Both games deal with the concept of fleeing one place and finding a new home in another, but somehow, Kirkwall represents the more imposing new life. Perhaps DA2’s message works better because it’s streamlined. You’re fleeing with your family, working with desperate strangers to escape certain death. By the time you reach Kirkwall, you’ve already experienced conflict and loss, and it’s as harsh and alien a place as you could imagine. If BioWare can make a city full of humans so unwelcoming, why does a galaxy full of new aliens feel so familiar? Andromeda seems like the end of a long haul flight by comparison. Worse still is the squandered opportunity to see how Andromeda’s hand-picked negotiators tackle first contact with an alien race. The short version? Shoot the everliving shit out of them. What could have been Andromeda’s most fascinating moment is reduced to a head-popping combat tutorial, nuance replaced with savagery. If nothing else, at least we know why humans caused the First Contact War. Perhaps meeting the Angara first would have added the context Andromeda needed; or perhaps Ryder would have just shot them, too. Even DA2’s loading screen, with its weeping statues and lingering threat of slavery, does a better job of establishing the place you’re in. 

And then there’s the characters. I certainly don’t dislike any of the squadmates in Andromeda - Liam in particular is the sort of guy I’d be happy stuck talking to in a pub - but I don’t love them, either. DA2 has characters who are worth getting to know. You talk to them because they’re interesting, not because you’re chasing the closure of a clumsy sex scene. Aveline is a useful example, and she personifies everything great about BioWare’s writing. She’s atypically designed, especially for a female character, and has enough depth that you could be an NPC in her story. Whatever kind of Hawke you play, you discover more about yourself by interacting with her, and the fact that she’s not romanceable heightens this. Few of us get to pick partners from a menu of willing paramours, and quietly discovering you care for someone as a friend is a more humane, engaging experience than banging the first handsome NPC who promises to prod your loins. What more could you want from a role playing game than it to elicit the same responses you feel in real life?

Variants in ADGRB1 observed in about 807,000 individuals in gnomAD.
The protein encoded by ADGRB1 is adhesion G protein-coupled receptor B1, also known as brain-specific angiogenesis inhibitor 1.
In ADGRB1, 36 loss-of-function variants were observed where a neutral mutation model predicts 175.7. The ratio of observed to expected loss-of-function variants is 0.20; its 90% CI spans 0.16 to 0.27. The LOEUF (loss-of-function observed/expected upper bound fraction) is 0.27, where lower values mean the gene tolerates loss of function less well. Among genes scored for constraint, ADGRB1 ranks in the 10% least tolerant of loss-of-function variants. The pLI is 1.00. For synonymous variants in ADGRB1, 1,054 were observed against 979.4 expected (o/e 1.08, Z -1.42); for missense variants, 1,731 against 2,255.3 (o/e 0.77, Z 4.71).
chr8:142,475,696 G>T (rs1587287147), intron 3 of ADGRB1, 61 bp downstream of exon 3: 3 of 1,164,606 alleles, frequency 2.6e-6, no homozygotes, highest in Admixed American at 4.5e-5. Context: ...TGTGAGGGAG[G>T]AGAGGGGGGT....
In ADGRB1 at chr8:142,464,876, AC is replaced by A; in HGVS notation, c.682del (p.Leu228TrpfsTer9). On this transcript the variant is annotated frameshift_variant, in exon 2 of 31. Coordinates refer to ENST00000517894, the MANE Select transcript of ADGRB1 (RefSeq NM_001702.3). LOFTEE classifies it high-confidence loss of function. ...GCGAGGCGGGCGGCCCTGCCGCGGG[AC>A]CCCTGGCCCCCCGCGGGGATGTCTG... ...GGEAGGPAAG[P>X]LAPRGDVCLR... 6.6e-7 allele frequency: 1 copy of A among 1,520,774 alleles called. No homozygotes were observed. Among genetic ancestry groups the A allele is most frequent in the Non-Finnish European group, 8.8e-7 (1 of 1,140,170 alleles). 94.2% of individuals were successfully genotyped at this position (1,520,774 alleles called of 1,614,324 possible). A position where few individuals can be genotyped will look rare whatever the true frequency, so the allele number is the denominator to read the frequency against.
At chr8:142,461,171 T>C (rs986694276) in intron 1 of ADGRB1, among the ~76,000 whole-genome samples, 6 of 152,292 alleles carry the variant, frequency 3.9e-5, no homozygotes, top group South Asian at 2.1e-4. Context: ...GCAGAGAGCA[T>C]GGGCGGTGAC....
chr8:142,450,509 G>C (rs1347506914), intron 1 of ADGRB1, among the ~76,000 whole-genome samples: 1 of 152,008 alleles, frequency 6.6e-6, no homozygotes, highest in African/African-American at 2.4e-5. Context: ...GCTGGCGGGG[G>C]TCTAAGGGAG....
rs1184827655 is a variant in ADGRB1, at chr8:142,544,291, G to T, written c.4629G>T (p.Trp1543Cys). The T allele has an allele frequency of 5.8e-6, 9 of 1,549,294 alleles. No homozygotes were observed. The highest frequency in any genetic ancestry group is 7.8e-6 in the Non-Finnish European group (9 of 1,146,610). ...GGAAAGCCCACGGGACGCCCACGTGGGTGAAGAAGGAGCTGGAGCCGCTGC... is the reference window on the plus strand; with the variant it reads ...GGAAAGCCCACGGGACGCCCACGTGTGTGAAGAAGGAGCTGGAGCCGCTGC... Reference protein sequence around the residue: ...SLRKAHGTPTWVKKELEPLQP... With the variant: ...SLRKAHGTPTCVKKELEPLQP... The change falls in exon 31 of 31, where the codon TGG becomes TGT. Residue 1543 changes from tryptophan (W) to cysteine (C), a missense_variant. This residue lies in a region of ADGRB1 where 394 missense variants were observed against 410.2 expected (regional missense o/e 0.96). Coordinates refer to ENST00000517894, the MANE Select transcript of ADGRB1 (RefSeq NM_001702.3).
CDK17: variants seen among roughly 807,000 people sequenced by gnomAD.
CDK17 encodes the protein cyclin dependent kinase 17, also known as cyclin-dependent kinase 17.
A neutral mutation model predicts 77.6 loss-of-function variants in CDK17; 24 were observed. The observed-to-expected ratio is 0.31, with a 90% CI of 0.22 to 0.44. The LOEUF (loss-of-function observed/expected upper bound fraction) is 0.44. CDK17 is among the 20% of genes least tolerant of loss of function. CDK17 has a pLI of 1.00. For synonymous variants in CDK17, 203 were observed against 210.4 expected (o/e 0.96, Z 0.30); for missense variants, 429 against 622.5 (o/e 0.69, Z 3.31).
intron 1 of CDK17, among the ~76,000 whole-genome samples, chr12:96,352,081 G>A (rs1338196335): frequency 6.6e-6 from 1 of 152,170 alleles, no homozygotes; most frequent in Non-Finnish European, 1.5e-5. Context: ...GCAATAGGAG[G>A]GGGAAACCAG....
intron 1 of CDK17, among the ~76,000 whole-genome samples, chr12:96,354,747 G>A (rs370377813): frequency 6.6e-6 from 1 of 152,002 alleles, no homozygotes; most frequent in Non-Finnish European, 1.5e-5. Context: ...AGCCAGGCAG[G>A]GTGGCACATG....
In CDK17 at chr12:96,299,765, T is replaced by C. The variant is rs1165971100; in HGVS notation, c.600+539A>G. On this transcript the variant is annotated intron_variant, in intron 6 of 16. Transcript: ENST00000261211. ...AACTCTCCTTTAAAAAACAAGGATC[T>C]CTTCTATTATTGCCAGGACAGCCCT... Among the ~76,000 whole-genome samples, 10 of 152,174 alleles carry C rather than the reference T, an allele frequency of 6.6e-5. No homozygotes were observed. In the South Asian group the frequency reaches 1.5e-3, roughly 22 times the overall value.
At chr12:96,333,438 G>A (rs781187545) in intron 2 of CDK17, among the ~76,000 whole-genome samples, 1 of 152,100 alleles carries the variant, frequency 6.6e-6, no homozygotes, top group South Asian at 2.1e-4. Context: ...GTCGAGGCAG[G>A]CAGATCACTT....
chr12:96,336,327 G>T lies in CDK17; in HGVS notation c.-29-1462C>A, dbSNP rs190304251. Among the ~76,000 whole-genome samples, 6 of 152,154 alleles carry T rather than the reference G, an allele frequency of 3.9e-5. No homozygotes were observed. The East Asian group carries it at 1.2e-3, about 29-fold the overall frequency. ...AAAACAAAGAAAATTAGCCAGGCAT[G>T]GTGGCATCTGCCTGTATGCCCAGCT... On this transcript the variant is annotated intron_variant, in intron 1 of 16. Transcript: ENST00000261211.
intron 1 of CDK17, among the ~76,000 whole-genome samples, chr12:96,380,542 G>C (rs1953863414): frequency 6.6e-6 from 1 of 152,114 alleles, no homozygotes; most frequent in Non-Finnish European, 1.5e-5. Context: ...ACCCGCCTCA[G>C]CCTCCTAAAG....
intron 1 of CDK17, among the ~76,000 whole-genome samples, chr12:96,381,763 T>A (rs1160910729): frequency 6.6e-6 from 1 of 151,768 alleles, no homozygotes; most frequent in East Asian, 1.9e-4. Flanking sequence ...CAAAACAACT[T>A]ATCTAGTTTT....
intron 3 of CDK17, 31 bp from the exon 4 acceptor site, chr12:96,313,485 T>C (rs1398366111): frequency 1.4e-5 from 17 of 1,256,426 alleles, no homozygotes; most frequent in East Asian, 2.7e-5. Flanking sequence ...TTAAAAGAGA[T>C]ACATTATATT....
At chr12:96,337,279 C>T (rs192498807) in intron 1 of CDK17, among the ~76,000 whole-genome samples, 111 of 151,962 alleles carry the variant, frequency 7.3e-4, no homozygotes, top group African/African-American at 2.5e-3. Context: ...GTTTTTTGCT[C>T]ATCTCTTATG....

Finally, there’s the most obvious common ground of all: every Dragon Age game is a reboot. The events take place in the same world, but there’s as much narrative distance between Origins and DA2 as there is between Mass Effect 3 and Andromeda. Andromeda’s problems can’t be excused because it’s a reboot, or because it takes place in a different location; BioWare has done it before and nailed it. In truth, the similarities to previous games are exactly what make Andromeda feel pedestrian. Dragon Age 2 proves that small tweaks make a big difference, and with the correct cast of characters, you needn’t threaten the lives of thousands to engage people. Make the player care enough about nine people, and the rest will follow.